Prior to the session, Sen. Mark Peake, R-Lynchburg, said he didn’t expect both sides to come together over the budget during the one-day reconvene session and he expected lawmakers might be back at the Capitol in June.

“It doesn’t sound like there’s been a lot of progress on the things that I’ve read in the media,” Peake said. “The Democrats don’t think much of his amendments to the budget and I don’t think they’re going to accept them.”

A source of contention was the governor’s removal of $2.6 billion in proposed tax increases. Youngkin’s compromise was that he would not offer tax cuts, and there would be no tax increases.

His amended two-year budget keeps $21.3 billion in K-12 education, caps tuition increases at 3%, includes 3% pay raises for teachers and state employees in each year and boosts investments in health and human resources by $3.2 billion over the biennium.

House Minority Leader Todd Gilbert, R-Shenandoah, was slightly more optimistic about the budget.

“I think it’s shaping up that we’re gonna get a budget, certainly not today, but I do believe that talks are beginning in earnest to finally get us to a place where we need to be,” Gilbert said.

House Republicans appreciate that Youngkin is leaning into his role as governor, according to Gilbert.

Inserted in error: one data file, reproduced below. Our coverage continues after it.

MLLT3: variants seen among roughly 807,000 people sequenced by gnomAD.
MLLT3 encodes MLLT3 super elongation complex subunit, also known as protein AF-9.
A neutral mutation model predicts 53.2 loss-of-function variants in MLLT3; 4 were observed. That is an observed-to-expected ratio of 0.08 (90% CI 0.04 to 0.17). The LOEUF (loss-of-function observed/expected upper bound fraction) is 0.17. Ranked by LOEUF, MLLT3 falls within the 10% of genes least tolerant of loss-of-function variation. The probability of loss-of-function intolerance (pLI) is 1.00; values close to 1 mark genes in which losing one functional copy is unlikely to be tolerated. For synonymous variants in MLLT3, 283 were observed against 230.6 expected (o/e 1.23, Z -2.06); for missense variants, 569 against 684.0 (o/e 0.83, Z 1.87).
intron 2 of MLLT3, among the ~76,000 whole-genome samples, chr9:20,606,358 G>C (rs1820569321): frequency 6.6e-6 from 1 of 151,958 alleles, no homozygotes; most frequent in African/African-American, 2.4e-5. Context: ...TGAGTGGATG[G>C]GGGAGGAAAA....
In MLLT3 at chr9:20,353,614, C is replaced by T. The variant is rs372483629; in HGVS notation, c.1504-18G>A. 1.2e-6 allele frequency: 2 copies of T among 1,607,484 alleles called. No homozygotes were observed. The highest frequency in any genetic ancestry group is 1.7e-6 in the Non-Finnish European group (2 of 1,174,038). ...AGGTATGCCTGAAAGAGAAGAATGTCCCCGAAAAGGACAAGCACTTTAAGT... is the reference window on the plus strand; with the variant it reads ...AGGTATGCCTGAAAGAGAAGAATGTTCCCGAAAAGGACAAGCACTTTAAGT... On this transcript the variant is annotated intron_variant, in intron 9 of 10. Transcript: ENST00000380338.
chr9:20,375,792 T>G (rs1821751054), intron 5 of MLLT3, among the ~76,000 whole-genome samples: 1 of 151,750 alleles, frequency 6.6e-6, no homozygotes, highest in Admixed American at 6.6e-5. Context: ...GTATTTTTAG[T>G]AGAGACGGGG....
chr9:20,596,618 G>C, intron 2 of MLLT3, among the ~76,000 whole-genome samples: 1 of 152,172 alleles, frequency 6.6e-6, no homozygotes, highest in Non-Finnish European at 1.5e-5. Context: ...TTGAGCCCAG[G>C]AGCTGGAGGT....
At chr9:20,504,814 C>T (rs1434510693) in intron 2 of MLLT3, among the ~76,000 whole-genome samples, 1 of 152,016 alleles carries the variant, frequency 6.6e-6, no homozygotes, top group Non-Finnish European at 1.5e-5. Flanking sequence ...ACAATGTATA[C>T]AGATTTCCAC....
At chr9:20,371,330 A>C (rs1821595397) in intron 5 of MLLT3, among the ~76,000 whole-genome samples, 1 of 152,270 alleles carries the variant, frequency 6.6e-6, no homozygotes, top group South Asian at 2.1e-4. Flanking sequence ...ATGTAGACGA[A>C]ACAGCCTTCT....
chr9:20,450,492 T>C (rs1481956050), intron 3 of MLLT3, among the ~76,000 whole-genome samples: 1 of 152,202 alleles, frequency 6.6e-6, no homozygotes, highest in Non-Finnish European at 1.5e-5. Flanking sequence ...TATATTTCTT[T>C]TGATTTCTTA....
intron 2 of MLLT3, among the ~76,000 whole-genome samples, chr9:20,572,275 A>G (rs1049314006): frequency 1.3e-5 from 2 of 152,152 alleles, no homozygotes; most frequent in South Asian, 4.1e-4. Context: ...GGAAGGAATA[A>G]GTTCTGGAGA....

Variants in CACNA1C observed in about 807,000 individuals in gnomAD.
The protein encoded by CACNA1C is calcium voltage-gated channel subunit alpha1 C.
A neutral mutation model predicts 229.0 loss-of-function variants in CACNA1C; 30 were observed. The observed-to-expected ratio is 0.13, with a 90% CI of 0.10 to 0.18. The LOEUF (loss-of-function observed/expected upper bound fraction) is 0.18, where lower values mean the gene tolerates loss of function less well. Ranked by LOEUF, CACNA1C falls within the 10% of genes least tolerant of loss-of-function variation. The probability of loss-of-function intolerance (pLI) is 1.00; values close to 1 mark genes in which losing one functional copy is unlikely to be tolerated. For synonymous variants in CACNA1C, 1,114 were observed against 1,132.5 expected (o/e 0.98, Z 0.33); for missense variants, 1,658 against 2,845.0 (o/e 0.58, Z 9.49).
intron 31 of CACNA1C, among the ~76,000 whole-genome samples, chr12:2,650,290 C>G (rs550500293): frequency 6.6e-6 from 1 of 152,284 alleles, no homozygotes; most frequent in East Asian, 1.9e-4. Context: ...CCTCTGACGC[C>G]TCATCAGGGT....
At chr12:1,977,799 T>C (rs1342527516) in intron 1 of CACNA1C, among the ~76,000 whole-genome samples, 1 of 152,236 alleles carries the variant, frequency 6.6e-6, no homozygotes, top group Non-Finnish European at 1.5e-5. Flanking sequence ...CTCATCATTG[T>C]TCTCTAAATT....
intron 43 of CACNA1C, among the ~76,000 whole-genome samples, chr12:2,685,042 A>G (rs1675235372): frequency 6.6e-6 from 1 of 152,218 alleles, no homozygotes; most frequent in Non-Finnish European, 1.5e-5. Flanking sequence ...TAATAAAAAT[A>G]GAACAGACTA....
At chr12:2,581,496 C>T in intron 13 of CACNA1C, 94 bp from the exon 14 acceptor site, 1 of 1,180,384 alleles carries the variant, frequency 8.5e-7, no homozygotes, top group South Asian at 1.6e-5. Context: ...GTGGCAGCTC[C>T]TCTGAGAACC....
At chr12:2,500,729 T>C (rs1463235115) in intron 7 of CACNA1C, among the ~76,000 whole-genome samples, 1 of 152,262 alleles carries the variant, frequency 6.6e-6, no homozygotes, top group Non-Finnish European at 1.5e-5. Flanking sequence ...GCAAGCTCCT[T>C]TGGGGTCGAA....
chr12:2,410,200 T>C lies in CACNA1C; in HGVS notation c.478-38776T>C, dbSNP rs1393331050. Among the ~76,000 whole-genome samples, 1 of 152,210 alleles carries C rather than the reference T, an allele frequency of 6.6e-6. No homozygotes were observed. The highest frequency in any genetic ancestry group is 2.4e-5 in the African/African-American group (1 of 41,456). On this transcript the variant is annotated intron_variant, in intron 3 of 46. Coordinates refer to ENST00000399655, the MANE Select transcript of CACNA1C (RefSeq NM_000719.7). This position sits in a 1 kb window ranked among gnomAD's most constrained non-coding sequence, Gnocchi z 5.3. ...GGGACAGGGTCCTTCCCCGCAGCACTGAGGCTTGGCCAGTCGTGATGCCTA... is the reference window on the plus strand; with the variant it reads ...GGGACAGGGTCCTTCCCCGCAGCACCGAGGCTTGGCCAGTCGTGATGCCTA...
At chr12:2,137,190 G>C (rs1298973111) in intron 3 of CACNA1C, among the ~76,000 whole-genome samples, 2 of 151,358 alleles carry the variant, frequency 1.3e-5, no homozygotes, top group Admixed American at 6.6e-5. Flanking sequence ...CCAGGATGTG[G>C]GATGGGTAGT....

“Sometimes it’s tense with the other side, but I think right now we have a real opportunity to come to the table and work together for all Virginians,” Gilbert said.

Pointed politics

House Democrats took aim at Youngkin’s vetoes and amendments on a number of issues.

Del. Candi Mundon King, D-Prince William, blasted Youngkin’s amendments on bills related to the expansion of contraception access. She also emphasized the importance of combating Black maternal mortality, which the White House declared a health crisis.

“Some said earlier today, Mr. Speaker, that the governor has the right to his opinions,” Mundon King said. “Well Mr. Speaker, his opinions are killing us.”

House Majority Leader Charniele Herring, D-Alexandria, said Youngkin did not want to work with the Democrats, and he went on a “vanity tour” after the session to promote his agenda.

Republicans fired back and accused Democrats of hypocrisy.

Democrats also toured the state to promote their agenda, Gilbert said.

Del. Nick Freitas, R-Culpeper, criticized Democrats for hyperbolic debates, which he admitted he has also done. Decorum and respect are a two-way street, he said.

“I know I’m obnoxious,” Freitas said. “But the people I represent, the people that all of us represent, expect us to come here and actually advocate for what they believe.”

An olive branch

Despite clashes, both sides offered an olive branch to help tackle looming future issues.

“I want the chamber to know, the governor did sit down with us, today, this morning,” Herring said.

Youngkin wants to find a way forward and work for a better commonwealth, Herring said.

Gilbert also seemed optimistic about room for compromise, or at least the need for it.

“Maybe we’re in a position today where the work can actually begin in earnest to find that common ground,” Gilbert said. “Everybody’s had their tours, everybody’s had their tweets, everybody’s had their posturing, we gotta get this done.”

By Vali Jamal / Capital News Service